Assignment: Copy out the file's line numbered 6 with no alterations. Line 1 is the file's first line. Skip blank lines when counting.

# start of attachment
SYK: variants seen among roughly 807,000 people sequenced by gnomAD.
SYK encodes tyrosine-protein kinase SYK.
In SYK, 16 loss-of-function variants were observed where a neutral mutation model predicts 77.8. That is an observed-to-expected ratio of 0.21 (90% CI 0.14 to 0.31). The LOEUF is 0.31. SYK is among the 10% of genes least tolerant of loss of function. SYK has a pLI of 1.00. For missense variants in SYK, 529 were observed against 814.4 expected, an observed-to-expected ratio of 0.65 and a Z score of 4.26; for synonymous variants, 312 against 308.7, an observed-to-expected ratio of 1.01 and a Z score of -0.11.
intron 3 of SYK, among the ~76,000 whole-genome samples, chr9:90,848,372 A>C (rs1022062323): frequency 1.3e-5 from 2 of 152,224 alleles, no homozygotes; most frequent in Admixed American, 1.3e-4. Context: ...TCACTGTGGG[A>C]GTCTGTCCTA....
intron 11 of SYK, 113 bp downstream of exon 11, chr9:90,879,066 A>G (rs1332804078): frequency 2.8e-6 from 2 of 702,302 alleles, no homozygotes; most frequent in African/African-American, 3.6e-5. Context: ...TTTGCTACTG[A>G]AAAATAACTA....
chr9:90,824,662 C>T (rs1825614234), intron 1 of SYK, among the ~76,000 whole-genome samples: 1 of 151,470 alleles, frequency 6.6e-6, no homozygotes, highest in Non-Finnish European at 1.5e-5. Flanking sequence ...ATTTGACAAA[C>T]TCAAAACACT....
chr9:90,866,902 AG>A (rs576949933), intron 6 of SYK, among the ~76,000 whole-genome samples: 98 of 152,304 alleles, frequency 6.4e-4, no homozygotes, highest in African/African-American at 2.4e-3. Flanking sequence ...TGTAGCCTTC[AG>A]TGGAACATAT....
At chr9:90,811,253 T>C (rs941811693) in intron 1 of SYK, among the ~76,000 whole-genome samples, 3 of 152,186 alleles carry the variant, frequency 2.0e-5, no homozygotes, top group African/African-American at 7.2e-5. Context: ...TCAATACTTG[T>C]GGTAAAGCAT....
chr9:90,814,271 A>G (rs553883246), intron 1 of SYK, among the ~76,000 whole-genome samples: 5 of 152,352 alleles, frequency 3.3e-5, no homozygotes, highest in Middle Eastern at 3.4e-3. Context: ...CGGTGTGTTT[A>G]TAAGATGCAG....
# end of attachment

chr9:90,824,662 C>T (rs1825614234), intron 1 of SYK, among the ~76,000 whole-genome samples: 1 of 151,470 alleles, frequency 6.6e-6, no homozygotes, highest in Non-Finnish European at 1.5e-5. Flanking sequence ...ATTTGACAAA[C>T]TCAAAACACT....